Both the Gainesville City School System and the Hall County School District have openings for substitute teachers; however, the lingering coronavirus pandemic has made it difficult to find applicants.
Last week, the Gainesville School Board heard a proposal to offer incentives for substitute teachers who work multiple days. Superintendent Jeremy Williams said he knows Gainesville is competing with Hall County and other school districts, as well, to keep the substitute teacher pool viable during an unusual school year.
"When COVID hit...we did notice a pretty decent drop-off," Williams said . "Twenty to 25 percent of our substitutes are no longer with us. Some of those are retired teachers who don't feel comfortable coming back into the building; others just aren't ready to step back into schools yet."
Williams said he and his fellow administrators decided the best way to keep the substitutes they have - and perhaps attract others - would be to offer bonuses to those subs who work multiple days per month.
"It'll come out to about five to 10 dollars per day on top of our current pay, which is the highest in the area," Williams said.
Current pay for substitutes in Gainesville City Schools is $85 per day for non-certified teachers, $115 per day for those who are certified and $140 per day for long-term certified subs. The proposed bonuses, which will get a final vote on Nov. 2, are $50 for subs working five to nine days, $100 for those working 10-14 days, $150 for those working 14-19 days and $200 for any sub working 20 days or more.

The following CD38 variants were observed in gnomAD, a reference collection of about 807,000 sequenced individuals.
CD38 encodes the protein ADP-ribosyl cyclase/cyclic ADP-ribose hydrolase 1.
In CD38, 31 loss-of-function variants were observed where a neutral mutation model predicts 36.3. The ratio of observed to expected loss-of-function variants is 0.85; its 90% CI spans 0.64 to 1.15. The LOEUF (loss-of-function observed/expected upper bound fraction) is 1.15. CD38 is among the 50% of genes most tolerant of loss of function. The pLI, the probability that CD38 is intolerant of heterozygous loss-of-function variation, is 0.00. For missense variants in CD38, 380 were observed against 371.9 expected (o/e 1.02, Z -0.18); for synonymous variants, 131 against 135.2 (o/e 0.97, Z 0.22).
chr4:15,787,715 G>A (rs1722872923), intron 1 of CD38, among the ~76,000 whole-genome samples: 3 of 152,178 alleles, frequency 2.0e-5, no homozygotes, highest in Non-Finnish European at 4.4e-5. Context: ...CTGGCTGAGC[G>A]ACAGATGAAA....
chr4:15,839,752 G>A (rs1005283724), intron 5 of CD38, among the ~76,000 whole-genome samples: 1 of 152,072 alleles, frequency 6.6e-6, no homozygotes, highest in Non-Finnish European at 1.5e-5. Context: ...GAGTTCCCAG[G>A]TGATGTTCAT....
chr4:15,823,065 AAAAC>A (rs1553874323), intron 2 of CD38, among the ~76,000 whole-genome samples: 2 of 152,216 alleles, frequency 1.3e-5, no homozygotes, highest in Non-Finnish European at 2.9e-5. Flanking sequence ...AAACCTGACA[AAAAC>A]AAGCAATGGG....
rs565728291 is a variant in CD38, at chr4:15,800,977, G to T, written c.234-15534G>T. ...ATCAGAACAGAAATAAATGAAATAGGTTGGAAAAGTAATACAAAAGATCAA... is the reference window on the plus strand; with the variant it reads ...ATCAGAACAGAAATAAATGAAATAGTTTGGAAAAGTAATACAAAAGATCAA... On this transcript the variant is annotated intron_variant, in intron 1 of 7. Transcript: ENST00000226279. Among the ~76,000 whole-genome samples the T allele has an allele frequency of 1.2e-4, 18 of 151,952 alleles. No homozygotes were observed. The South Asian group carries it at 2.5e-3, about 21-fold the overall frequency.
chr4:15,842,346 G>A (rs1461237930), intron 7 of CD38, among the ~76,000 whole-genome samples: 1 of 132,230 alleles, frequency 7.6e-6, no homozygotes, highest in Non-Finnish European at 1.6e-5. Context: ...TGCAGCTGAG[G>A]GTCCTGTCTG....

The Hall County School District Assistant Superintendent for Personnel Dr. Brad Brown said he and other district officials knew there would be some challenges well before the start of the school year with maintaining an adequate list of substitute teachers.
"We began conversations months ago expressing concerns about having enough substitutes during the pandemic," Brown said.
Hall County developed a pool of what they call priority substitutes - people who have prior experience working in the school system. They are familiar with the teachers and teaching practices in a given school and they come to work one or more days a week on a regular basis, ready to step in should they be needed.
For now, Hall County has not developed a monetary bonus plan to attract additional subs.
"Adding priority substitutes has helped; however, we are always looking for new and innovative ways to attract quality substitutes and it may be something that we visit down the road," Brown said.
Follow the links below for more information on becoming a substitute teacher: